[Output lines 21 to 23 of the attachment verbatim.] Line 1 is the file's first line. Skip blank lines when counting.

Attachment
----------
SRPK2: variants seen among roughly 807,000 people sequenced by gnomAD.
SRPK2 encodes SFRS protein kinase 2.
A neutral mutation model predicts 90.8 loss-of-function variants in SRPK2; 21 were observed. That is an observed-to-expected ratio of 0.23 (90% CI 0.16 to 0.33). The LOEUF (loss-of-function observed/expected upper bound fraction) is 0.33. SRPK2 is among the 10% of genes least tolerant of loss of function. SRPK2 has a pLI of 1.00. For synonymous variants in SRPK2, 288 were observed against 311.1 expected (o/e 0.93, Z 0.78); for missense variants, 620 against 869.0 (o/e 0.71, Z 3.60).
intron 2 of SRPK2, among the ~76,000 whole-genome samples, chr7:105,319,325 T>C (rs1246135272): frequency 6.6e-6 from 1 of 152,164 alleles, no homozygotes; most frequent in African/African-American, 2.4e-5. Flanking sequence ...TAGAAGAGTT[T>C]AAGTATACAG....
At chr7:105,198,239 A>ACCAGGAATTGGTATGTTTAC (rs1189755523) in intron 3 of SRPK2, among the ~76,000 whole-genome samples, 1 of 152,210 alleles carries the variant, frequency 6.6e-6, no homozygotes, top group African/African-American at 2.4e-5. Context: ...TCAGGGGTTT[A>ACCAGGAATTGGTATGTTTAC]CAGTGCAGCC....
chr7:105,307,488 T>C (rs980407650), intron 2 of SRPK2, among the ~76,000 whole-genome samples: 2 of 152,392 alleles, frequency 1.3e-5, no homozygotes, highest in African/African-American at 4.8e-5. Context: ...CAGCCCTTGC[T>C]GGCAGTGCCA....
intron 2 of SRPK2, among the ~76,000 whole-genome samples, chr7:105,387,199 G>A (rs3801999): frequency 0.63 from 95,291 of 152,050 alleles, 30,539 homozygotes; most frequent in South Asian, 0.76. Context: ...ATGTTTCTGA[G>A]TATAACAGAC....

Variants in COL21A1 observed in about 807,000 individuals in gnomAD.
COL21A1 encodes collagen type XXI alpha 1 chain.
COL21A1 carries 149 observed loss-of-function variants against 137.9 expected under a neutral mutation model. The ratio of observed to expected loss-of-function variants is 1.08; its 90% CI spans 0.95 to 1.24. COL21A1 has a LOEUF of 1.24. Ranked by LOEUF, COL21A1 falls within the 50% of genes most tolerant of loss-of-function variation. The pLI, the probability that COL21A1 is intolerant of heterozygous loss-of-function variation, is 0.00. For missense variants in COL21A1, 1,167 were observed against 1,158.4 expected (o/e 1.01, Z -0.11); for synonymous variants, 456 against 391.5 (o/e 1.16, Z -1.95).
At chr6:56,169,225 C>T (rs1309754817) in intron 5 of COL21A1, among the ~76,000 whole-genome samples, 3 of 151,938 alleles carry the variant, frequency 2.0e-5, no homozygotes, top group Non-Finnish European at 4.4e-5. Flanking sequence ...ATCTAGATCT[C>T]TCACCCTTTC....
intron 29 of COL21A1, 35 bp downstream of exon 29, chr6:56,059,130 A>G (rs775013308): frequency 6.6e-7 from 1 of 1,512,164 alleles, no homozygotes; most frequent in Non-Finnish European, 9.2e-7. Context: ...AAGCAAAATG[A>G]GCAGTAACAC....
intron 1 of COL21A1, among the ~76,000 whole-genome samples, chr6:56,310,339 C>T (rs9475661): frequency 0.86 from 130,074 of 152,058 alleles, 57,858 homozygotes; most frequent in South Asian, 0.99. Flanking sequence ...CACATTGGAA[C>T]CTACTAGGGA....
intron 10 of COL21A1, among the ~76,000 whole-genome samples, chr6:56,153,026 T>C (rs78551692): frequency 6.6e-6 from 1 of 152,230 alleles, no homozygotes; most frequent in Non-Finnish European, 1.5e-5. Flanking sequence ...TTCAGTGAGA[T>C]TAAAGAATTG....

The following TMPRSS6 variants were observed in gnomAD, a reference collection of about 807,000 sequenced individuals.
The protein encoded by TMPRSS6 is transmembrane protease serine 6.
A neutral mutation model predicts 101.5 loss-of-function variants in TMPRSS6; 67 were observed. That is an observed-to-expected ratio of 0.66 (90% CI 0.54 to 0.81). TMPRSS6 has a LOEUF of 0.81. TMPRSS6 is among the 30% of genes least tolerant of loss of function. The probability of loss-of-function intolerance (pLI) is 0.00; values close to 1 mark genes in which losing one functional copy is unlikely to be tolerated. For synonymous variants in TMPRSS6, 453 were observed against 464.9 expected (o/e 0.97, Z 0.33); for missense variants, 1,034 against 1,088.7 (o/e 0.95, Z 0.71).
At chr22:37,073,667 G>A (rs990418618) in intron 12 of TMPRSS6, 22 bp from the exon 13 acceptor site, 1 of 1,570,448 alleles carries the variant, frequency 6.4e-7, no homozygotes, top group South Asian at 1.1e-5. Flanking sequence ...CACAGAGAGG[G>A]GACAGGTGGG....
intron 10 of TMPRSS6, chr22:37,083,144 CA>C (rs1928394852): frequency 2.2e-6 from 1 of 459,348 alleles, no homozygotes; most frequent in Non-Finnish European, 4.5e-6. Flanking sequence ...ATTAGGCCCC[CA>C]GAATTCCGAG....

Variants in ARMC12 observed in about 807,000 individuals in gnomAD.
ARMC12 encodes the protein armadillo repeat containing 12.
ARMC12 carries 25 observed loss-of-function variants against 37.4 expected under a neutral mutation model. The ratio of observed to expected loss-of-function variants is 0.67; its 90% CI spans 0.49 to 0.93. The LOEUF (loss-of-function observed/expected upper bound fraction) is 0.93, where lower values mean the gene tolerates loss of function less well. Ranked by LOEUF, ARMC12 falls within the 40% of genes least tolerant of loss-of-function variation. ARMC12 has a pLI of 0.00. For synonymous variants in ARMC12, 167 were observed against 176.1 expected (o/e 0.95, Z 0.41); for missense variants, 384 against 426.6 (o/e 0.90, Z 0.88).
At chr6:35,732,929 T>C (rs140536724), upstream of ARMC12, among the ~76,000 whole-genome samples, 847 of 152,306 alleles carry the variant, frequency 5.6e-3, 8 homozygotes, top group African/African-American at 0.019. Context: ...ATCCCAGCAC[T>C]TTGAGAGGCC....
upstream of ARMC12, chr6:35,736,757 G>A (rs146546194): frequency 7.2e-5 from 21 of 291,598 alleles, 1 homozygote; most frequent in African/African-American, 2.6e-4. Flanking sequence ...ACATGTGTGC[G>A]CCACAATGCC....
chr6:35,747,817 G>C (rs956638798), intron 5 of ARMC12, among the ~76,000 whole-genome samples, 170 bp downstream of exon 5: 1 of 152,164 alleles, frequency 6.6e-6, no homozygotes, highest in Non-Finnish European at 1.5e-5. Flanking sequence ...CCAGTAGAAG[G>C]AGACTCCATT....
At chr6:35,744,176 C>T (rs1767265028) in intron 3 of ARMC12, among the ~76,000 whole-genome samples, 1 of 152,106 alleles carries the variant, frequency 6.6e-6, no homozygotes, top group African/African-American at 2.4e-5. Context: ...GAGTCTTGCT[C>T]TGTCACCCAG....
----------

ARMC12 encodes the protein armadillo repeat containing 12.
ARMC12 carries 25 observed loss-of-function variants against 37.4 expected under a neutral mutation model. The ratio of observed to expected loss-of-function variants is 0.67; its 90% CI spans 0.49 to 0.93. The LOEUF (loss-of-function observed/expected upper bound fraction) is 0.93, where lower values mean the gene tolerates loss of function less well. Ranked by LOEUF, ARMC12 falls within the 40% of genes least tolerant of loss-of-function variation. ARMC12 has a pLI of 0.00. For synonymous variants in ARMC12, 167 were observed against 176.1 expected (o/e 0.95, Z 0.41); for missense variants, 384 against 426.6 (o/e 0.90, Z 0.88).
At chr6:35,732,929 T>C (rs140536724), upstream of ARMC12, among the ~76,000 whole-genome samples, 847 of 152,306 alleles carry the variant, frequency 5.6e-3, 8 homozygotes, top group African/African-American at 0.019. Context: ...ATCCCAGCAC[T>C]TTGAGAGGCC....